Not a lot of cookies get baked in this house. What with the chubbiness issue and the gluten factor, desserts, at this point, when they're even offered, tend to run more towards that chia pudding
, a refreshing scoop of sorbet
, some gussied-up tofu
or simply a piece of seasonal fruit. Occasionally, however, the imminent arrival of company or some other deserving event does give rise to a batch. A good gluten-free cookie is almost as elusive as a good man. For a time, our cookie jones was sated by Whole Foods' house brand, which included a chewy ginger-molasses, a rich and crumbly peanut butter and the highly coveted nutmeal-raisin, but for some reason these disappeared from their shelves never to return. The (faux-helpful) staff tried to gaslight me when I asked about them, acting as though these divine confections had never existed. I vowed to G that I would try my hand at my own version of the nutmeal cookie, but so far I have not been true to my word.
Instead, our recent Italianate dinner party (osso bucco with saffron risotto, red lettuce with Meyer lemon and toasted almonds, rhubarb sorbet) seemed to cry out for that classic last moment of biscotti dunked in vin santo
. It's such a lovely tradition, a sweet and languorous finish to a meal, the perfect companion to conversation and candlelight. By the way, biscotti literally means twice cooked, which is how they get that wonderfully hard crunch.These cookies don't come out quite as hard as gluten-rich biscotti, but they do the trick. They are easy to customize, swapping out the nuts, adding whatever spices you like. And, in an airtight container—a tin, a tupperware, a ziploc—they keep for a good long while. Provided you don't eat them all that first night.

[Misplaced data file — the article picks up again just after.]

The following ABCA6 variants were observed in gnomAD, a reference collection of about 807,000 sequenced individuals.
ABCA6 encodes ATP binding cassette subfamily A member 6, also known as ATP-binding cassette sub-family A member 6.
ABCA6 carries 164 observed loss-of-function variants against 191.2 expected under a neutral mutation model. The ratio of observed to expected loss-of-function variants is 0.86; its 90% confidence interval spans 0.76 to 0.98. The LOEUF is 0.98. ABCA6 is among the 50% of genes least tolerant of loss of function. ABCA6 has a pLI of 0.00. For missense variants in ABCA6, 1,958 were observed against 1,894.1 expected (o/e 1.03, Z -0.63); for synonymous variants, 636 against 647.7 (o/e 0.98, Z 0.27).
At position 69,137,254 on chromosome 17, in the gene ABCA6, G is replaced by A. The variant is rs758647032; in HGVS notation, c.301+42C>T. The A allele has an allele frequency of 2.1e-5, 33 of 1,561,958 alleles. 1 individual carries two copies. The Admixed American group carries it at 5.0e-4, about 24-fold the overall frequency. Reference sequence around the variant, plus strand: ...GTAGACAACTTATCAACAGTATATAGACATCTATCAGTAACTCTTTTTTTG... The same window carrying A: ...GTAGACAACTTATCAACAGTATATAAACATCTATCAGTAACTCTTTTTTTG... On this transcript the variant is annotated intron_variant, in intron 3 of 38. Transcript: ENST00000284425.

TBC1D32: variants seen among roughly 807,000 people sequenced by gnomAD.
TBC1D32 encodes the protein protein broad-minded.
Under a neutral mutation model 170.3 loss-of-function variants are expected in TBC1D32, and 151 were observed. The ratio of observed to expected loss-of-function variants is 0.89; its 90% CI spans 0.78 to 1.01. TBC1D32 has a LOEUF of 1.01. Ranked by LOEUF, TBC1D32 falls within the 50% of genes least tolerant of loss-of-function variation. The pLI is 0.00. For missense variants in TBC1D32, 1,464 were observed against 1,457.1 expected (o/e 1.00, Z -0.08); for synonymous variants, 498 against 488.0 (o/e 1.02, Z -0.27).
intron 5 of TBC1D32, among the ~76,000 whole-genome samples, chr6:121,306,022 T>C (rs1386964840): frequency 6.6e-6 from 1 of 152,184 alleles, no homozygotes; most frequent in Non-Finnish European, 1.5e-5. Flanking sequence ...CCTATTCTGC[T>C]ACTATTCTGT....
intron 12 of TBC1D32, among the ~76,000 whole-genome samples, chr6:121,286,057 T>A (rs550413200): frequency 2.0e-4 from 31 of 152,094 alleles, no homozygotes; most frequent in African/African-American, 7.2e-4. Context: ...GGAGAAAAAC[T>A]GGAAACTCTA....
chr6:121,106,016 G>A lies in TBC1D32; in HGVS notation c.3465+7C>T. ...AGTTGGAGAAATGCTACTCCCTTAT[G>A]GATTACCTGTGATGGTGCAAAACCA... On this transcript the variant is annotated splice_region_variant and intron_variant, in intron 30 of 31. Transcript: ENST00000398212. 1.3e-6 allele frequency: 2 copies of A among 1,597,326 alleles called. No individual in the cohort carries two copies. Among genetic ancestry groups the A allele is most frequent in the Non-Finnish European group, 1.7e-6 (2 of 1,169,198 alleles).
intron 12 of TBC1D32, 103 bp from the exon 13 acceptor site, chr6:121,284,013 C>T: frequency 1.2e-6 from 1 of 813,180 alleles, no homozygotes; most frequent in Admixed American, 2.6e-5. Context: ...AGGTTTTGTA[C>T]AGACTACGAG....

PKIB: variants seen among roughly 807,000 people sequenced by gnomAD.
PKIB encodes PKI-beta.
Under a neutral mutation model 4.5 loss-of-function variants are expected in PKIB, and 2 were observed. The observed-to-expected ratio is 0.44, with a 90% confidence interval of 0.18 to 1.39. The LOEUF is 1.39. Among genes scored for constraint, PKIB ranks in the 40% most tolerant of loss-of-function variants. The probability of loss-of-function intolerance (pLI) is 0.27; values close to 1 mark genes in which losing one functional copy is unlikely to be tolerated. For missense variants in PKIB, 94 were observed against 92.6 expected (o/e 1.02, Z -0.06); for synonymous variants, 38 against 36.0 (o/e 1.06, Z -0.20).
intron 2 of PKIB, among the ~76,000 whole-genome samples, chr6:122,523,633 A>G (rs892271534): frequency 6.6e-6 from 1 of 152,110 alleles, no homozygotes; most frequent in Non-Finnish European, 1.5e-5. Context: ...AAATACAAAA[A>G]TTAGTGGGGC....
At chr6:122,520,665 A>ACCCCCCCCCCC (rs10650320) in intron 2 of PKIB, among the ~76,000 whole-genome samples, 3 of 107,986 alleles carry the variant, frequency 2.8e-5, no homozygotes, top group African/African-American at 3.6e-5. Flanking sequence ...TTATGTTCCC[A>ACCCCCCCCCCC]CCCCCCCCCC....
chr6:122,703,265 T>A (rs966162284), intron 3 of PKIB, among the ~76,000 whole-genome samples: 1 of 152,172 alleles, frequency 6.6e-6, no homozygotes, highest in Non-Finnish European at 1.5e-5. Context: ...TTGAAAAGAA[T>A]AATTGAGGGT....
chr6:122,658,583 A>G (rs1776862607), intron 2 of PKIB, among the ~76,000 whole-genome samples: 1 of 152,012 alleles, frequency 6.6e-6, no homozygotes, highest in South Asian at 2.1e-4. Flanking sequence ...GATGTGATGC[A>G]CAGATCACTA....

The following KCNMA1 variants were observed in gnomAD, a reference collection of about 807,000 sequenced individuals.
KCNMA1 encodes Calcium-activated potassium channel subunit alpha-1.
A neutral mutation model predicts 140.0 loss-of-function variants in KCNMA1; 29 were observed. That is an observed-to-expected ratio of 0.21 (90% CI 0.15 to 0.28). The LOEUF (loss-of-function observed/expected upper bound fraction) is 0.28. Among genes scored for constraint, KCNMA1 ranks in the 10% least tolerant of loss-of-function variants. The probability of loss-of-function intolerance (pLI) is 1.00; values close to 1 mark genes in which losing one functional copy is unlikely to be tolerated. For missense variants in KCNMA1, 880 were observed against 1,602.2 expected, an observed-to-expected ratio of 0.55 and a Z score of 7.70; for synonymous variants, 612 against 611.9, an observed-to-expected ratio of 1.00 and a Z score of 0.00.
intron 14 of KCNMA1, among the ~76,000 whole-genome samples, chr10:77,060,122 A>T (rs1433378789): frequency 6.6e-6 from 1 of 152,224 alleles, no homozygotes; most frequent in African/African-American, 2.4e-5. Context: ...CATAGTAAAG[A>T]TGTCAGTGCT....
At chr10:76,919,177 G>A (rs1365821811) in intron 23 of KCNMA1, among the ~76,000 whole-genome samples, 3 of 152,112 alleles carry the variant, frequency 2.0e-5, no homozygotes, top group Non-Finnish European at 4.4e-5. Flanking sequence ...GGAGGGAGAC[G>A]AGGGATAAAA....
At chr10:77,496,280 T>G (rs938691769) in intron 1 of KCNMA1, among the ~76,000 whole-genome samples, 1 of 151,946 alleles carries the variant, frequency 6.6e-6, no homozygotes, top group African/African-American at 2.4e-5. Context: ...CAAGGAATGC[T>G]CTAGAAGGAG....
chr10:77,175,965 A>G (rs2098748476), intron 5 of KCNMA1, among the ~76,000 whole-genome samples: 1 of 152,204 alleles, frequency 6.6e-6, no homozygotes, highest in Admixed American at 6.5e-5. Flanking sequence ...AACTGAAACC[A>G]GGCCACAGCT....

Gluten-Free Walnut Biscotti
makes about 2 dozen
— 1 1/2 cups all-purpose gluten-free flour
— 1/4 cup sweet rice flour
— 1 teaspoon xanthan gum
— 1/2 teaspoon each baking powder & baking soda
— 1/8 teaspoon sea salt
— 4 ounces unsalted butter, softened
— 1 cup organic cane sugar
— 2 farm-fresh eggs
— 2 teaspoons finely grated orange zest
— 1 teaspoon orange flower water
— 1/2 teaspoon ground cardamom
— 1 1/2 cup chopped toasted walnuts
— turbinado sugar
Mix together flours, xanthan gum, baking soda, baking powder and salt.
In a stand mixer, cream the butter until pale. Add the sugar and beat until fluffy, about 5 minutes. Blend in the eggs, one at a time. Add the orange zest, orange flower water and cardamom, then stir in the nuts. Slowly incorporate the dry ingredients to form a soft dough. It will be sticky, so refrigerate for a couple of hours or overnight.
When you're ready to bake, preheat the oven to 375º. Lightly grease a cookie sheet and line with parchment paper.
Divide the dough into 3 equal pieces. (Use a little extra rice flour if needed.) Roll each piece into a log about 2" thick and pat down to flatten the top a bit so it's not too round. Place logs on cookie sheet, leaving several inches between them as the dough spreads while baking. Bake for 25 minutes.
Remove the cookie sheet from the oven and cool for 5-10 minutes. Slice the logs on a slight diagonal about 1" thick. Place the slices, cut side down, on the cookie sheet.
Lower the oven temperature to 350º and bake the slices for another 30 minutes. Turn the oven off and leave the cookies in to continue hardening. Remove to a cooling rack, then store in an airtight container.